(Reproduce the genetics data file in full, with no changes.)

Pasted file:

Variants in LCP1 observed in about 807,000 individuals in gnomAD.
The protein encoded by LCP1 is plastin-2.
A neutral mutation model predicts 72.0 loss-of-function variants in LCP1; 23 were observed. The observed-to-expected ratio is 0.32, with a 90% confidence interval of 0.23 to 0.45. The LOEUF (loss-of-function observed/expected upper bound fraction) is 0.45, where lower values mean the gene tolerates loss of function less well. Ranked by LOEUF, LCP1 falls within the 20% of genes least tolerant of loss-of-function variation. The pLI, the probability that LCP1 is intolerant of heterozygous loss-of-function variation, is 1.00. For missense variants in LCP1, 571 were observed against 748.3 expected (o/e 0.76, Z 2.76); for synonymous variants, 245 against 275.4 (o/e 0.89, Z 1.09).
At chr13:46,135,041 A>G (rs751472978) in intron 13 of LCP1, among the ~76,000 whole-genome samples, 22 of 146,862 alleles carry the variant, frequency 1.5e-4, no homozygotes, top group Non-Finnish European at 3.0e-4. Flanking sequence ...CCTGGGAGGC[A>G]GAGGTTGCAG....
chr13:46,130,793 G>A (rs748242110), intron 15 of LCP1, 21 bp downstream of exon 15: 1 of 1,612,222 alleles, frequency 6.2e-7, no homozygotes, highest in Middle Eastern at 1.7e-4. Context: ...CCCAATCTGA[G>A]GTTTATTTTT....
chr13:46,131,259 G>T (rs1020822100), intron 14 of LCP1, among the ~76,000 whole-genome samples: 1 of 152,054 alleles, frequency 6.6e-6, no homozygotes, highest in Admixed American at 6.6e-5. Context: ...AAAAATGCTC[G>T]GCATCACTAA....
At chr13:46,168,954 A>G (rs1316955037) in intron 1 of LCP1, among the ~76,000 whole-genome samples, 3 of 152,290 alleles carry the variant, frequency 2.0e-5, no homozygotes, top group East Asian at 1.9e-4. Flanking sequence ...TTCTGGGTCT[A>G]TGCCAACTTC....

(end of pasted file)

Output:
Variants in LCP1 observed in about 807,000 individuals in gnomAD.
The protein encoded by LCP1 is plastin-2.
A neutral mutation model predicts 72.0 loss-of-function variants in LCP1; 23 were observed. The observed-to-expected ratio is 0.32, with a 90% confidence interval of 0.23 to 0.45. The LOEUF (loss-of-function observed/expected upper bound fraction) is 0.45, where lower values mean the gene tolerates loss of function less well. Ranked by LOEUF, LCP1 falls within the 20% of genes least tolerant of loss-of-function variation. The pLI, the probability that LCP1 is intolerant of heterozygous loss-of-function variation, is 1.00. For missense variants in LCP1, 571 were observed against 748.3 expected (o/e 0.76, Z 2.76); for synonymous variants, 245 against 275.4 (o/e 0.89, Z 1.09).
At chr13:46,135,041 A>G (rs751472978) in intron 13 of LCP1, among the ~76,000 whole-genome samples, 22 of 146,862 alleles carry the variant, frequency 1.5e-4, no homozygotes, top group Non-Finnish European at 3.0e-4. Flanking sequence ...CCTGGGAGGC[A>G]GAGGTTGCAG....
chr13:46,130,793 G>A (rs748242110), intron 15 of LCP1, 21 bp downstream of exon 15: 1 of 1,612,222 alleles, frequency 6.2e-7, no homozygotes, highest in Middle Eastern at 1.7e-4. Context: ...CCCAATCTGA[G>A]GTTTATTTTT....
chr13:46,131,259 G>T (rs1020822100), intron 14 of LCP1, among the ~76,000 whole-genome samples: 1 of 152,054 alleles, frequency 6.6e-6, no homozygotes, highest in Admixed American at 6.6e-5. Context: ...AAAAATGCTC[G>T]GCATCACTAA....
At chr13:46,168,954 A>G (rs1316955037) in intron 1 of LCP1, among the ~76,000 whole-genome samples, 3 of 152,290 alleles carry the variant, frequency 2.0e-5, no homozygotes, top group East Asian at 1.9e-4. Flanking sequence ...TTCTGGGTCT[A>G]TGCCAACTTC....